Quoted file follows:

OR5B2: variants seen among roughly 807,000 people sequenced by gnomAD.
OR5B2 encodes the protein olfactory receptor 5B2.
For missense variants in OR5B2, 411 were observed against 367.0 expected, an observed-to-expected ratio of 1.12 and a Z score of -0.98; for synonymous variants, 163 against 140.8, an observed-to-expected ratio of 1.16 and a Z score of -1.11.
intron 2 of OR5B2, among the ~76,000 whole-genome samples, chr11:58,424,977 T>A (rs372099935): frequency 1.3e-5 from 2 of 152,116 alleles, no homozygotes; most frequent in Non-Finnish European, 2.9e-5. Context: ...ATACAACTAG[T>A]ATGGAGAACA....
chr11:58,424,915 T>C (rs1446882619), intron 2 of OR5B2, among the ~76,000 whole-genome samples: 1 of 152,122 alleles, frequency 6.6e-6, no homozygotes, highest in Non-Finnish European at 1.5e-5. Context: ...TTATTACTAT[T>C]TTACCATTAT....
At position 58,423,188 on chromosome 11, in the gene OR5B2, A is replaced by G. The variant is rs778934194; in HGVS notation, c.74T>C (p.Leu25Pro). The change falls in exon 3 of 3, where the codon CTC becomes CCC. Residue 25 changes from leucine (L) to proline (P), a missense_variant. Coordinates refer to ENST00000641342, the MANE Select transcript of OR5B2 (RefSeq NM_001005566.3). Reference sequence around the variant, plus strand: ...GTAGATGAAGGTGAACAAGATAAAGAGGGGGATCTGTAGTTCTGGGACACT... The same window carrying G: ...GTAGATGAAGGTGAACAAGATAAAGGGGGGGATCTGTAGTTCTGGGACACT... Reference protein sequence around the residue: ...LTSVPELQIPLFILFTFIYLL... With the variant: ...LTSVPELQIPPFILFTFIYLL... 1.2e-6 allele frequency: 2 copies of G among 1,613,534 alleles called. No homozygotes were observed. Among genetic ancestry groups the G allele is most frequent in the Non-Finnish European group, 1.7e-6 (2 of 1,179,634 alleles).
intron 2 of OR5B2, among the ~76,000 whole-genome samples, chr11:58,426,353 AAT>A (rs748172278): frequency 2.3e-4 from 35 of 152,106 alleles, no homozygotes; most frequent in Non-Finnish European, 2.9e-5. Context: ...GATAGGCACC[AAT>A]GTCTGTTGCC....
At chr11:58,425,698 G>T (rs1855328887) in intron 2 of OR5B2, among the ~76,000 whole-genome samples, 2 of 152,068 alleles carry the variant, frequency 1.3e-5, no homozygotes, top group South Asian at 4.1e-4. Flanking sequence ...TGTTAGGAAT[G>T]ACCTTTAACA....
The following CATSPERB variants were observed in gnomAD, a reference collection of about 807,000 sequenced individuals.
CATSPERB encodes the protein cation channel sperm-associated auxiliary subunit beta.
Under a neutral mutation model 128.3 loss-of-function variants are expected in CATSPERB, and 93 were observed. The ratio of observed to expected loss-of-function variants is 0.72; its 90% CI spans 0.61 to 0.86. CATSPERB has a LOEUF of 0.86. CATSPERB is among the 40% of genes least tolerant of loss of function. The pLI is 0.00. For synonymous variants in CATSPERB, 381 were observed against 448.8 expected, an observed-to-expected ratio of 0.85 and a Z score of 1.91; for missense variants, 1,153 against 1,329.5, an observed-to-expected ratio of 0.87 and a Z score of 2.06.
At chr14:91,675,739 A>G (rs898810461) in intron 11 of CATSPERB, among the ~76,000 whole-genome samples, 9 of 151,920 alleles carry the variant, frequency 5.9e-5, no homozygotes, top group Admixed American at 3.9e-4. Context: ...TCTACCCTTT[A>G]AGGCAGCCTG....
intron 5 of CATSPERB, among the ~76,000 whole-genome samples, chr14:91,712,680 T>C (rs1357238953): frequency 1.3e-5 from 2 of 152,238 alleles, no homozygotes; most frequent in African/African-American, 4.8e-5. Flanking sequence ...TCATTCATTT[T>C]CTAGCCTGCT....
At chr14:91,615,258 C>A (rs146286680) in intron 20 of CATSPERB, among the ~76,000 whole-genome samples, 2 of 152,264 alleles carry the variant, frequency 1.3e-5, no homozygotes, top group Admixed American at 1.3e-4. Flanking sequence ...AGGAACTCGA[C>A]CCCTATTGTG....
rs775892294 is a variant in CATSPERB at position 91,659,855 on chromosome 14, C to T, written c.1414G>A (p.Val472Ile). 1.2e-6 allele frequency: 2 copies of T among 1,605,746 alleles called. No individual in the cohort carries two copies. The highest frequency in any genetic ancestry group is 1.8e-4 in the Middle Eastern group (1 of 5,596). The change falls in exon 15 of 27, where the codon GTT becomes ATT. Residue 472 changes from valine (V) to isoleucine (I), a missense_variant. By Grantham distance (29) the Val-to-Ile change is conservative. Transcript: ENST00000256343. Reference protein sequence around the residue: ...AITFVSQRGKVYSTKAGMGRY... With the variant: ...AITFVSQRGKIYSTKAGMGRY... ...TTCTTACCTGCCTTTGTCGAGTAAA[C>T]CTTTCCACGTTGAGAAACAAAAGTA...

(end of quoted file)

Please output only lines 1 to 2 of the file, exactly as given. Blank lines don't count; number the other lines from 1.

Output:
OR5B2: variants seen among roughly 807,000 people sequenced by gnomAD.
OR5B2 encodes the protein olfactory receptor 5B2.